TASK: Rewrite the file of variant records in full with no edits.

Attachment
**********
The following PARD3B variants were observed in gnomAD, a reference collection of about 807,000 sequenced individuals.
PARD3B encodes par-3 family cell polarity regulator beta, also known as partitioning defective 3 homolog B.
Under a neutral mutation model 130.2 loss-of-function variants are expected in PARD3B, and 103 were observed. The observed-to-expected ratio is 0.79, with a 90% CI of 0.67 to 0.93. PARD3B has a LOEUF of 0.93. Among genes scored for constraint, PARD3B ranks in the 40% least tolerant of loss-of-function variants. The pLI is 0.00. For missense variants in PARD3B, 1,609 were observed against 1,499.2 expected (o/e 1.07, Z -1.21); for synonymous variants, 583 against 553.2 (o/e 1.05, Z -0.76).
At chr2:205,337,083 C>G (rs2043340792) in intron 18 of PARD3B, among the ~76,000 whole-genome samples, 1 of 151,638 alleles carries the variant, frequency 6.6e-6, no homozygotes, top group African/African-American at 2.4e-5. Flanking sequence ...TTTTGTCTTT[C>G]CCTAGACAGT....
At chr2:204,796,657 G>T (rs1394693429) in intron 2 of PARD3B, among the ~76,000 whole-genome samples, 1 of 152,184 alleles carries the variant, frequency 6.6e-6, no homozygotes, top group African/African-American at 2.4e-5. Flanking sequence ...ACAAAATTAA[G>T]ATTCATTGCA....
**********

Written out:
The following PARD3B variants were observed in gnomAD, a reference collection of about 807,000 sequenced individuals.
PARD3B encodes par-3 family cell polarity regulator beta, also known as partitioning defective 3 homolog B.
Under a neutral mutation model 130.2 loss-of-function variants are expected in PARD3B, and 103 were observed. The observed-to-expected ratio is 0.79, with a 90% CI of 0.67 to 0.93. PARD3B has a LOEUF of 0.93. Among genes scored for constraint, PARD3B ranks in the 40% least tolerant of loss-of-function variants. The pLI is 0.00. For missense variants in PARD3B, 1,609 were observed against 1,499.2 expected (o/e 1.07, Z -1.21); for synonymous variants, 583 against 553.2 (o/e 1.05, Z -0.76).
At chr2:205,337,083 C>G (rs2043340792) in intron 18 of PARD3B, among the ~76,000 whole-genome samples, 1 of 151,638 alleles carries the variant, frequency 6.6e-6, no homozygotes, top group African/African-American at 2.4e-5. Flanking sequence ...TTTTGTCTTT[C>G]CCTAGACAGT....
At chr2:204,796,657 G>T (rs1394693429) in intron 2 of PARD3B, among the ~76,000 whole-genome samples, 1 of 152,184 alleles carries the variant, frequency 6.6e-6, no homozygotes, top group African/African-American at 2.4e-5. Flanking sequence ...ACAAAATTAA[G>T]ATTCATTGCA....